Wednesday 10 February 2021
The Covid crisis is impacting on complementary ‘top-up’ health insurance premiums.
As the State health system in France only picks up a percentage of your health costs for routine care, most people take out a complementary health insurance policy for those costs not covered by the State.
These policies are formally called assurance complémentaire santé. They are also often referred to in the vernacular as a 'mutuelle', mainly because many are offered by mutual, ostensibly non-profit associations.
According to the French consumer body Que Choisir, premiums for such policies have increased by an average of +4.3% this year.
The increases are substantially above the level of inflation for 2020 (+0.5%) and the forecast level for 2021 of +1.5%.
The study ranged over 623 individual contracts from 123 different health insurers based on responses from readers.
The average increase of +4.3% means an additional cost of €79 on policyholders, an amount that could be as high as €200 for almost one in five policyholders.
The cost of these policies varies by age and extent of cover, but a person in their 60s can expect to pay anything from €1,000 to €1,500 for a policy, although prices can go a lot higher for a highly protective policy.
The study showed that there was significant difference in the increases between the insurers. Thus, among the 17 health insurers the median increase ranged from 0% to +8.5%.
While insurers Muta Santé, Pro BTP, Mutuelle Générale and MNH have increased their rates by less than +3%, Adrea Mutuelle, Klesia, Swiss Life and Malakoff Humanis approach or exceed +7%.
Que Choisir do not consider that the increase can be justified by increased costs that have been imposed on the insurers with the introduction of '100% Santé' for dental, optical and auditive care, although they do acknowledge that the insurers have also had to absorb an exceptional €1b Covid tax imposed upon them by the government.
However, they consider that the savings the insurers have made in medical treatment costs as a result of Covid substantially offset the impact of the new tax, and that ‘some insurers in have deliberately chosen to pass on the Covid tax to policyholders, even though its amount is less than the savings made.’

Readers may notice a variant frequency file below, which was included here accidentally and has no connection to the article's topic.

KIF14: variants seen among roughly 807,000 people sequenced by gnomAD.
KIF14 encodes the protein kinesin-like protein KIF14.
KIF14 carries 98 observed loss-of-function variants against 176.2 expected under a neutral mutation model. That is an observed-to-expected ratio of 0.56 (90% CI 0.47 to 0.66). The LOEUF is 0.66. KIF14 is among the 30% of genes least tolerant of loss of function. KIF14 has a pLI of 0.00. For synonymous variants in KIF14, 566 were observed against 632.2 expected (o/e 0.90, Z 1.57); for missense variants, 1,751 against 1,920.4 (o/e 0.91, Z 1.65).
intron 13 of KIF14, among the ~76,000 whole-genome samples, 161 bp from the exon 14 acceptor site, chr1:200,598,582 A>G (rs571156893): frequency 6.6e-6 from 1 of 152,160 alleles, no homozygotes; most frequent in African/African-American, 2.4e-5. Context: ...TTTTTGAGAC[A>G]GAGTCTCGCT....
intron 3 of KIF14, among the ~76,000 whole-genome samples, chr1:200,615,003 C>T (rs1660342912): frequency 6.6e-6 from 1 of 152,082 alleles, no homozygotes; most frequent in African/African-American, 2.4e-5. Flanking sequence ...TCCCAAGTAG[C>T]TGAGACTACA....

Separately, the association of mutuelle health insurers (Fédération nationale de la Mutualité française - FNMF) published their own study on the evolution of tariffs, stating that premiums have risen by +2.6%.
They say such an increase is necessary to cover the the costs of the Covid tax and for the anticipated increase in health treatment that will occur post-Covid. Their study covered a far higher number of respondents than the Que Choisir study.
The insurers also question using the general increase in inflation as a reference point for comparing the increases in premimum rates, arguing that the only appropriate basis is the rise in health costs and taxes imposed on the health insurers by the government.
They claim that: 'Le principal facteur explicatif de l’évolution des cotisations est l’augmentation des dépenses de santé estimée par les mutuelles pour 2021. En effet, pour 2021 la Mutualité Française prévoit des dépenses de santé qui s’inscriront dans celles constatées les précédentes années, amplifiées par un rattrapage des soins. Pour 2020, les moindres dépenses de santé du fait du covid ont été compensées par la taxe mise en place par le gouvernement.'
Like Que Choisir, they confirm that the increase in tariffs has not been universal, with one in five mutuelles not making any increase.
That includes our English language speaking health insurance partner, who is able to offer competitive rates for such policies.